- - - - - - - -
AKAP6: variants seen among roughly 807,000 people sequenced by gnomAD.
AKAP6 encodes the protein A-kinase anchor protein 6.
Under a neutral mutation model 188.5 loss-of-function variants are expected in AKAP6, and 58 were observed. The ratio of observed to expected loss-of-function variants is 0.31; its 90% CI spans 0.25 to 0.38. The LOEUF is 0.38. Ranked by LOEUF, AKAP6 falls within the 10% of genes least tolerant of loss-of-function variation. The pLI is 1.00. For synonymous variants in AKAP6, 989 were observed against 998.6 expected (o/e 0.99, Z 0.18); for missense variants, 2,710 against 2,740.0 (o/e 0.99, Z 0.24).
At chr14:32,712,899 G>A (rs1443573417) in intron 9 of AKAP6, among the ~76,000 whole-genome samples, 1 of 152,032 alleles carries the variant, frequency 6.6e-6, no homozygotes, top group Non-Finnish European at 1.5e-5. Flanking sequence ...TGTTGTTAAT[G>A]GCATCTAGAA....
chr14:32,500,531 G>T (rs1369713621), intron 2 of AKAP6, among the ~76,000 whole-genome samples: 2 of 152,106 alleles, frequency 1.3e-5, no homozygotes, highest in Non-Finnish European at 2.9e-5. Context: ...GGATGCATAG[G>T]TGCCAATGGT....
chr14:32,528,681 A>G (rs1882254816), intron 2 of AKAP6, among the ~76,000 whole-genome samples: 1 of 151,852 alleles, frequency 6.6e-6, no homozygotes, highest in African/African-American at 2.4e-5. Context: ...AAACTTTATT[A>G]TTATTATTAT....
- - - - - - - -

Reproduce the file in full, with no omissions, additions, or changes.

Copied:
AKAP6: variants seen among roughly 807,000 people sequenced by gnomAD.
AKAP6 encodes the protein A-kinase anchor protein 6.
Under a neutral mutation model 188.5 loss-of-function variants are expected in AKAP6, and 58 were observed. The ratio of observed to expected loss-of-function variants is 0.31; its 90% CI spans 0.25 to 0.38. The LOEUF is 0.38. Ranked by LOEUF, AKAP6 falls within the 10% of genes least tolerant of loss-of-function variation. The pLI is 1.00. For synonymous variants in AKAP6, 989 were observed against 998.6 expected (o/e 0.99, Z 0.18); for missense variants, 2,710 against 2,740.0 (o/e 0.99, Z 0.24).
At chr14:32,712,899 G>A (rs1443573417) in intron 9 of AKAP6, among the ~76,000 whole-genome samples, 1 of 152,032 alleles carries the variant, frequency 6.6e-6, no homozygotes, top group Non-Finnish European at 1.5e-5. Flanking sequence ...TGTTGTTAAT[G>A]GCATCTAGAA....
chr14:32,500,531 G>T (rs1369713621), intron 2 of AKAP6, among the ~76,000 whole-genome samples: 2 of 152,106 alleles, frequency 1.3e-5, no homozygotes, highest in Non-Finnish European at 2.9e-5. Context: ...GGATGCATAG[G>T]TGCCAATGGT....
chr14:32,528,681 A>G (rs1882254816), intron 2 of AKAP6, among the ~76,000 whole-genome samples: 1 of 151,852 alleles, frequency 6.6e-6, no homozygotes, highest in African/African-American at 2.4e-5. Context: ...AAACTTTATT[A>G]TTATTATTAT....